Our makerspace is full of amazing talent and fantastic ideas. But how do you take those ideas out of your brain and put them on a shelf? You might think that a hammer, saw, and some duck tape might do the trick, but you might be better off using some of the resources in this post instead. Safety first!
Step One: Meet like minded people
No one can tell you what project to do but you might need some help making it. Meetup is a great place to find people with similar interests in wood working, coding, electronics, or marketing. If your team of builders aren’t on Meetup, you may find them here at the Makerspace. Everyone is a bit different and you will find plenty of personalities that you either mesh with or clash with. Usually you find both, but don’t let it stop you, rather let it move you forward with motivation.
I think we have all seen a TED Talk or three in our lifetime. TED speakers are leaders in their respective fields and rarely fail to amuse and amaze. These, in my opinion, are a few talks that are a must-see for builders, makers, and creatives of all kinds. Whether you need to find inspiration or you just need to be entertained you will find something in this list.
First, I have to mention is this talk about what we can learn from spaghetti sauce. This was my introduction to Malcolm Gladwell and sent me down the rabbit hole. This writer of “The Tipping Point”, “David and Goliath”, and “Outliers” gives several great talks but this is still my favorite. Continue reading
Milwaukee Makerspace is at The Wood Working Show this weekend! While we are not exactly traditional wood workers (well, some of our members are) we were invited to share with attendees what exactly a makerspace is, and what goes on at one. Continue reading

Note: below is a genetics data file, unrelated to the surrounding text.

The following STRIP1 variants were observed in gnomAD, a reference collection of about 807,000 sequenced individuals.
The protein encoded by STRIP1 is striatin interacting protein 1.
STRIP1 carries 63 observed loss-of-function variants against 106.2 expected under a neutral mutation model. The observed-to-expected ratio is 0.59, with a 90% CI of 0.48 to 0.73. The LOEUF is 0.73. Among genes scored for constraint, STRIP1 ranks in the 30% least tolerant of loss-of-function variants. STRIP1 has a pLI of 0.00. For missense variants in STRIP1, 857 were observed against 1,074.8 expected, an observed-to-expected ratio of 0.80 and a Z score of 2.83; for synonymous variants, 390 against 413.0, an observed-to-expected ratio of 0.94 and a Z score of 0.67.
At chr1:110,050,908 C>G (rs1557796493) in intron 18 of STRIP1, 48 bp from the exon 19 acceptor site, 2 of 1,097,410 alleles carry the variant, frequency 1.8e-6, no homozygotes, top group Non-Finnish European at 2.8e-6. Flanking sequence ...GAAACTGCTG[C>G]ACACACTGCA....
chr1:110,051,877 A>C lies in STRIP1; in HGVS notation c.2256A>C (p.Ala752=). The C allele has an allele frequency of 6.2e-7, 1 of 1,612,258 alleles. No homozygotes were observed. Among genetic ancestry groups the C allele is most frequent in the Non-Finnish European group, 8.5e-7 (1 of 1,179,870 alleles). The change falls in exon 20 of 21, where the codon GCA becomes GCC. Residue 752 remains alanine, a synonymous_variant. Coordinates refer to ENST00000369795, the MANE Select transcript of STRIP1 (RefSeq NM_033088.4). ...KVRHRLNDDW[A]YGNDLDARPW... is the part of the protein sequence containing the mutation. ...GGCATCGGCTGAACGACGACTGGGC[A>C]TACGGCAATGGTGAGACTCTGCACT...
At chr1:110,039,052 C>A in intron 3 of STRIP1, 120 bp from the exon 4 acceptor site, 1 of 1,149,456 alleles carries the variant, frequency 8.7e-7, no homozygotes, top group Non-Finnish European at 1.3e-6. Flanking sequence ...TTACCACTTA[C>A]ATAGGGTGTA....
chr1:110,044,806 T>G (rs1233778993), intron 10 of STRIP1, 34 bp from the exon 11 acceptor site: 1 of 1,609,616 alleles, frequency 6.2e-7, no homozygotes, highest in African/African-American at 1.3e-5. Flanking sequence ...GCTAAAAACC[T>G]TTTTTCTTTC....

I finally got my rube goldberg doorbell into an installable state. On the left is the door button detector. It is an ESP8266 ESP-07 making use of the U.FL connector to allow the WiFi signal to punch through from my basement to the 2nd floor where the router is located. On the right is another ESP8266 and a doorbell transformer. Just barely peaking out from under that module is an actual doorbell.
A key aspect of the system is that the door button module doesn’t communicate directly with the door bell module. Both modules log into a Mosquitto MQTT broker. The button module “publishes” events on the MQTT topic of “DoorBell” and the bell module subscribes to the MQTT topic of DoorBell. Later, I can split the topic names and have something like OpenHAB conditionally copy events from one topic to the other depending on the time of day. OpenHAB can also translate MQTT events to a service like Notify My Android so that my phone buzzes in response to a door button push.
I am excited to install this at home and see how it does!
Our maker world is full of dangerous things like power tools, computers, and stuff that blows up to make awesome projects; things that no child should be using (normally), but that does not need to stop your child from working on a project of their own. Here we will see examples of young makers and projects that us, more experienced makers, can do with them. After all kids can make the darndest things.
My list for amazing kids is long and at the top is my very own nephew, Nate. Endlessly fascinated by science and the human body he, with some help from his father, has started a podcast. At the mature age of 5 he is interviewing scientists from all over the country. Covering topics from cell biology to Santa, this small scientist will knock your socks off. Each episode ends with him telling his dad he can stop the recording now and it’s the most adorable thing ever.
The Show About Science
Follow Nate on twitter
A great way to get your young scientist started is in the kitchen. Your kitchen is the lab you use every day to change the state of things from liquid to gas, and excite molecules in all sorts of ways. If you’re like me, you’ll want to brush up on your own kitchen science with a few episodes of Alton Brown’s show “Good Eats“. Once that is done grab your mini lab partner and get cooking. Here is a link to some fun experiments to get you started.
Projects for young makers don’t have to stay confined to the kitchen. From electronics to kite building there are lots of ways to keep them in the shop and away from the television. The best way is to start with the basics and learning the hand full of essential skills every maker needs. Here are a few helpful links for you and your small maker.
Skills Every Young Maker Needs
Projects for Young Makers
So get out there fellow makers and help make the next generation great while making great memories!